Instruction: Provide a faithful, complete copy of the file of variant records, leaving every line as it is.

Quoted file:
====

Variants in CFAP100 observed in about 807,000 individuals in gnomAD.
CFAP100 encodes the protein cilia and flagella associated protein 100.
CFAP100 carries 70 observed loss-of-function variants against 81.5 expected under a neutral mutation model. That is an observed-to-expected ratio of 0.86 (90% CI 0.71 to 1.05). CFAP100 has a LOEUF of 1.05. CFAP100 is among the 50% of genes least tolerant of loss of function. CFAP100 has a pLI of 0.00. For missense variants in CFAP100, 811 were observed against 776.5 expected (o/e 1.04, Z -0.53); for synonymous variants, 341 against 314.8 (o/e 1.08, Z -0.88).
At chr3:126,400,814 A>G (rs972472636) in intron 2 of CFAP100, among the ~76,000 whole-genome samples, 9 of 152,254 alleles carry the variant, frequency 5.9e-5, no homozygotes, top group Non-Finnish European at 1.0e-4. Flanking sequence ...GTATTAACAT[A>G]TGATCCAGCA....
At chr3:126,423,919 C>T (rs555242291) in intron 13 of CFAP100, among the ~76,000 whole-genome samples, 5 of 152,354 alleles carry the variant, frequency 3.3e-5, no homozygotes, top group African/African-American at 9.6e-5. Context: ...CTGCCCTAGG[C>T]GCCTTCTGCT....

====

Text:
Variants in CFAP100 observed in about 807,000 individuals in gnomAD.
CFAP100 encodes the protein cilia and flagella associated protein 100.
CFAP100 carries 70 observed loss-of-function variants against 81.5 expected under a neutral mutation model. That is an observed-to-expected ratio of 0.86 (90% CI 0.71 to 1.05). CFAP100 has a LOEUF of 1.05. CFAP100 is among the 50% of genes least tolerant of loss of function. CFAP100 has a pLI of 0.00. For missense variants in CFAP100, 811 were observed against 776.5 expected (o/e 1.04, Z -0.53); for synonymous variants, 341 against 314.8 (o/e 1.08, Z -0.88).
At chr3:126,400,814 A>G (rs972472636) in intron 2 of CFAP100, among the ~76,000 whole-genome samples, 9 of 152,254 alleles carry the variant, frequency 5.9e-5, no homozygotes, top group Non-Finnish European at 1.0e-4. Flanking sequence ...GTATTAACAT[A>G]TGATCCAGCA....
At chr3:126,423,919 C>T (rs555242291) in intron 13 of CFAP100, among the ~76,000 whole-genome samples, 5 of 152,354 alleles carry the variant, frequency 3.3e-5, no homozygotes, top group African/African-American at 9.6e-5. Context: ...CTGCCCTAGG[C>T]GCCTTCTGCT....